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Sanctuary of Atotonilco Historical Facts and Pictures

The church complex of the Sanctuary of Atotonilco is a designated World Heritage Site located near the town of San Miguel in Guanajuato, Mexico. The construction of this Jesuit sanctuary under the supervision of Father Luis Felipe Neri de Alfaro started in 1740. Characterized by rich mural works in Baroque style adorning the chapels and the main nave, the church complex is now regarded as the “Sistine Chapel of Mexico”.

Sanctuary of Atotonilco

Sanctuary of Atotonilco


According to folklore, Father Neri was told in is dreams by Jesus to convert the area into a consecrated space for worship and prayer. He purchased the entire Hacienda of Atotonilco to construct the complex. A ceremony to mark the beginning of its construction was held on 3 May 1740 when the foundation stone was blessed by Father Neri.

The initial phase of set up lasted for eight years during which the tower, the main nave, and the Purisisma Chapel were built. The place was consecrated after the first phase, and a graphic representation of Jesus was placed. Most of the annexes and the chapels were established during the second phase that continued until 1776.

Sanctuary of Atotonilco Entrance

Sanctuary of Atotonilco Entrance

Sanctuary of Atotonilco Pictures

Sanctuary of Atotonilco Pictures

The Layout

Though the exterior of the church is simple, the high walls make it look like a fortress. Apart from the outer walls, the clock tower, and the cupolas are tall structures measuring 20m and 12m respectively. The main entrance faces east, giving the church complex an east-west position. While the clock tower and the Casa de Ejercicios lie along the south of the main façade, the Santa Escuela de Cristo lies to its north and a narrow atrium to its front. The main church building is surrounded by chambers and chapels on its northern and southern edges.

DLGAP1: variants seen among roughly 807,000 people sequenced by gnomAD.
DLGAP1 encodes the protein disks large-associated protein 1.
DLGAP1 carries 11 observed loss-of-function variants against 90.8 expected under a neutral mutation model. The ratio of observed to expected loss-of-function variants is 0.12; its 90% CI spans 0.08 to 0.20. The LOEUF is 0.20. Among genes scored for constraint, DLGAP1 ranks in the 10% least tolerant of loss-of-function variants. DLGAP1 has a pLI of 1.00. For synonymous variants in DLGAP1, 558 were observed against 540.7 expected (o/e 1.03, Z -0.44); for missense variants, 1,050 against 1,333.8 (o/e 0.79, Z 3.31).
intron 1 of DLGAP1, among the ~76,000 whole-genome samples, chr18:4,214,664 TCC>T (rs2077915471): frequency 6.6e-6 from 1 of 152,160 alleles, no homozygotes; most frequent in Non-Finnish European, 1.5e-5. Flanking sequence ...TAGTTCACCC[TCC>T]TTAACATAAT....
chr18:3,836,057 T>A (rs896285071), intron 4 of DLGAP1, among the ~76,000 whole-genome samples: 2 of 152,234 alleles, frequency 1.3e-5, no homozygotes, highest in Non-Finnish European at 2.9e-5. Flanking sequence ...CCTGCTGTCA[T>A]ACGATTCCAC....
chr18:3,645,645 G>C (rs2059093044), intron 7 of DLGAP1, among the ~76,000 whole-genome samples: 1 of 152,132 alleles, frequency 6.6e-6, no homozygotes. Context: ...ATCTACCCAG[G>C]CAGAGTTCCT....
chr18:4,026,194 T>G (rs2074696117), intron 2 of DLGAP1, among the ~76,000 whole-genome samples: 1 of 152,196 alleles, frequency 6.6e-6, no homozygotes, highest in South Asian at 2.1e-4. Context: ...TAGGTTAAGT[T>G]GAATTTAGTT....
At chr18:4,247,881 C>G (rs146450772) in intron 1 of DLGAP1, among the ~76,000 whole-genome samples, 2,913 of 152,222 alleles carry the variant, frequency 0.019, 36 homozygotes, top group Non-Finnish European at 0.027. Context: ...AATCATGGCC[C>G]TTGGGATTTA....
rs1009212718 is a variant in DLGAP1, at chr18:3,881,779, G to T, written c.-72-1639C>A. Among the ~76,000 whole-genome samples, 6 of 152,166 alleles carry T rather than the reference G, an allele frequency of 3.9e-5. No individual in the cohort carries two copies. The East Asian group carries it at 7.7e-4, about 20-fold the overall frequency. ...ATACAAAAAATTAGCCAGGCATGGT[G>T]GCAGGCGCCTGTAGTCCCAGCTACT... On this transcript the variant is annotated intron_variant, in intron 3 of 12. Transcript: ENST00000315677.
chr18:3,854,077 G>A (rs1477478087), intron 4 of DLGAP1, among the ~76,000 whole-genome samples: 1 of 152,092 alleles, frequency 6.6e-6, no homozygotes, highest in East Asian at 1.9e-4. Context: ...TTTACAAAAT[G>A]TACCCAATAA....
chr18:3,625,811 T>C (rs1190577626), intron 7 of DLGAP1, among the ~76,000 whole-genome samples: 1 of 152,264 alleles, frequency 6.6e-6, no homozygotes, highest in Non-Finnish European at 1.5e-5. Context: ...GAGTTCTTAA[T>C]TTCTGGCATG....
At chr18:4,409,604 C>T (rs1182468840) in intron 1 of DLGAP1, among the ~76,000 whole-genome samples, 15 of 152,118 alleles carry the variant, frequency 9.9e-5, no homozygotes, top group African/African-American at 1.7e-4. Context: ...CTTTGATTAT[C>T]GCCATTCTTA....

Sanctuary of Atotonilco Fecade

Sanctuary of Atotonilco Fecade

The Interior

The ceilings, as well as the walls of its interiors, are completely covered in sculpture, mural work, oil paintings, and inscriptions that are designed in the Mexican Baroque style. The extensive mural works were mostly done by the Mexican artist Antonio Martinez de Pocasangre. These paintings replicate the Flemish style of painting that was brought over by the Spaniards from Europe. The murals on the main nave’s ceiling depict the stories of the ministry of Jesus as told in the Gospels. The entrance area features the paintings representing the Last Judgment. The arches with written verses separate the ceiling into several sections, which are visible while approaching the main altar.

Important Extensions

Vault of the Old Sacristy

It contains scenes that portray the establishment of the church complex as well as the life of Felipe Nori.

Chapel of Solitude

Constructed during 1740-1748, its main altar features the Virgin of Sorrows.

Loreto Chapel

This 18th-century chapel can be accessed either from the Capilla de Soledad or through the present sacristy.

The Hidden Glory

It is somewhat a concealed rectangular area situated to the north of the choir region.

Chapel of the Holy Burial

This chapel, built during 1759-1763, contains murals that represent the death and burial of Jesus as well as His resurrection.

Calvary Chapel

It is the largest chapel in the complex exhibiting a cross-architecture with a covering of a cupola and vaults.



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Quick Info

18th century

21°0’17.96”N and 100°47’40.43”W

Close to San Miguel, Guanajuato, Mexico
Santuario de Dios y de la Patria
UNESCO World Heritage Site
Mexican Baroque